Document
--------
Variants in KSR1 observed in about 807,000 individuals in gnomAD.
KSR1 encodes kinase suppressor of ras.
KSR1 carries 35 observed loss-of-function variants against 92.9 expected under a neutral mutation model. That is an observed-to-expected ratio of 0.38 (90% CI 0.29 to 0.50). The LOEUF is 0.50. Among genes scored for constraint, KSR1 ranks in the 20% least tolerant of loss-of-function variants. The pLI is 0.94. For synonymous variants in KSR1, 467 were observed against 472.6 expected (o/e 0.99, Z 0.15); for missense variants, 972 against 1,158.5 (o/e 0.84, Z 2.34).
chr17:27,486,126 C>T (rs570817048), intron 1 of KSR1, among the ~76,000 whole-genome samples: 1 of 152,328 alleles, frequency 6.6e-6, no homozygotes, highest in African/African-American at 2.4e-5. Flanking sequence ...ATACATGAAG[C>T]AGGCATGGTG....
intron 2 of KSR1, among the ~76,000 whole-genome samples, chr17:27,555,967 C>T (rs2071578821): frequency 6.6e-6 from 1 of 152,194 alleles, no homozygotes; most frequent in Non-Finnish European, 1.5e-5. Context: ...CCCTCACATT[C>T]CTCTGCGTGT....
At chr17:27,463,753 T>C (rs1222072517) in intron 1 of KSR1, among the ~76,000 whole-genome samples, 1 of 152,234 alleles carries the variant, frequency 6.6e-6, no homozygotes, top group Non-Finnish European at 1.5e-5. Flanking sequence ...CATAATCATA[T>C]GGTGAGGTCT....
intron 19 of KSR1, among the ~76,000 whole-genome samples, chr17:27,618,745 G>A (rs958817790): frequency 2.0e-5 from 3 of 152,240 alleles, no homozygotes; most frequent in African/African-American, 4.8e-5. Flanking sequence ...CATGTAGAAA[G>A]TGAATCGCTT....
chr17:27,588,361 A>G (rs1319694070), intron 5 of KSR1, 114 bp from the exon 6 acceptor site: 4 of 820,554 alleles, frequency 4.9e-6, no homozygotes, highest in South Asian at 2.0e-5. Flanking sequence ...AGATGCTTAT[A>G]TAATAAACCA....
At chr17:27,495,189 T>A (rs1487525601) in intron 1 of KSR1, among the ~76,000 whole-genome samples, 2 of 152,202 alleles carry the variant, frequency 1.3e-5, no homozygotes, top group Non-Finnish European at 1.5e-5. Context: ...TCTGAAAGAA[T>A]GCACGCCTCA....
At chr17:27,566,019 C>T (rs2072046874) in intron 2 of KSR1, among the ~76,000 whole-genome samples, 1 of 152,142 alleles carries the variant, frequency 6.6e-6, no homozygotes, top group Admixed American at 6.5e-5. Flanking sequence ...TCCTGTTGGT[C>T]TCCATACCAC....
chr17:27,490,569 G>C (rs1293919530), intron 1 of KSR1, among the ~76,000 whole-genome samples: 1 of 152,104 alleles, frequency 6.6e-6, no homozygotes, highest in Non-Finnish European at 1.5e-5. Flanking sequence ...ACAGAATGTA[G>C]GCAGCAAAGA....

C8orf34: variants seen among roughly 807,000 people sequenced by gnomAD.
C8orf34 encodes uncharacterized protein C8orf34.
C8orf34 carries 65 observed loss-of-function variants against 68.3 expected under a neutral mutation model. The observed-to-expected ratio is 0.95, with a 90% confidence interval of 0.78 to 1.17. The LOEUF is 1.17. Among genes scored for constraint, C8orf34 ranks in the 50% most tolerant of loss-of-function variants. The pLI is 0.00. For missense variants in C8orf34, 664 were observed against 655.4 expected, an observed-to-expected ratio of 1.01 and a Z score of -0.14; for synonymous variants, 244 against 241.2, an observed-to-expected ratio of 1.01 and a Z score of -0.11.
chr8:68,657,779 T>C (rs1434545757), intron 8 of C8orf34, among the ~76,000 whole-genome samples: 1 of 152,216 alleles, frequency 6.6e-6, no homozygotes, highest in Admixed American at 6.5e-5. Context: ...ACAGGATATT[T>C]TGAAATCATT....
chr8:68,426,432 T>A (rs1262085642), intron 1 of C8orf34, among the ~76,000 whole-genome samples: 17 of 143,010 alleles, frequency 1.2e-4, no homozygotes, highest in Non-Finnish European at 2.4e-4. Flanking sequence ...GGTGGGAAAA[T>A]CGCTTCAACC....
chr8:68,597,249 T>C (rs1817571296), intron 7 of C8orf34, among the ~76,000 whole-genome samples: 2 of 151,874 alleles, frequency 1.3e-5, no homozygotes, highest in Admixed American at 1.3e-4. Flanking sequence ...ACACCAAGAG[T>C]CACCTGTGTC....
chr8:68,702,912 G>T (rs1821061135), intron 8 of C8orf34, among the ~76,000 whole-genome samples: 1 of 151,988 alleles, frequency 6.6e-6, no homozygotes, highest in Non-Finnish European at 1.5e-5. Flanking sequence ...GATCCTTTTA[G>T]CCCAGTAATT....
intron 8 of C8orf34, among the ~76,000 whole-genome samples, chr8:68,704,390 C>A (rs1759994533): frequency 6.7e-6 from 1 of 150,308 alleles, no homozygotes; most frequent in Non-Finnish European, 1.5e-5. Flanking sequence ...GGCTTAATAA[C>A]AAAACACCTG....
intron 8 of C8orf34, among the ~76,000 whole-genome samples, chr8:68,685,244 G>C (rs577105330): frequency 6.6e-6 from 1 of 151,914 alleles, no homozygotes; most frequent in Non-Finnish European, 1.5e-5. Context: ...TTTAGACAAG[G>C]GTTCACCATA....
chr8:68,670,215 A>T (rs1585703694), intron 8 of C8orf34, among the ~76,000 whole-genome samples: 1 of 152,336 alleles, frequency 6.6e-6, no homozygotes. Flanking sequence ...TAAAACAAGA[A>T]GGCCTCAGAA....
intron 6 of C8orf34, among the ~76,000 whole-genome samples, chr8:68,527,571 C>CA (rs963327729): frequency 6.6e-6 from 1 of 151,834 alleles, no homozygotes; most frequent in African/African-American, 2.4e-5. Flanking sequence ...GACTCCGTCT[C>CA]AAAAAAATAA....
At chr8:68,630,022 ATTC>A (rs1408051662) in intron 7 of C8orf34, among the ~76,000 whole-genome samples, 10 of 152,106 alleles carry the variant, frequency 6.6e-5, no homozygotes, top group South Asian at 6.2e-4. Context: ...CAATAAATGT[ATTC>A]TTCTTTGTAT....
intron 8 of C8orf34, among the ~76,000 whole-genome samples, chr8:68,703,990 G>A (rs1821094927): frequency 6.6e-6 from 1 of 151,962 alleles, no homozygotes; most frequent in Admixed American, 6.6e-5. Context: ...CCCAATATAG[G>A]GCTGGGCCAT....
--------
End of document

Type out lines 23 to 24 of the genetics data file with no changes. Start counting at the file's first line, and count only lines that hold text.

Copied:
At chr8:68,630,022 ATTC>A (rs1408051662) in intron 7 of C8orf34, among the ~76,000 whole-genome samples, 10 of 152,106 alleles carry the variant, frequency 6.6e-5, no homozygotes, top group South Asian at 6.2e-4. Context: ...CAATAAATGT[ATTC>A]TTCTTTGTAT....
intron 8 of C8orf34, among the ~76,000 whole-genome samples, chr8:68,703,990 G>A (rs1821094927): frequency 6.6e-6 from 1 of 151,962 alleles, no homozygotes; most frequent in Admixed American, 6.6e-5. Context: ...CCCAATATAG[G>A]GCTGGGCCAT....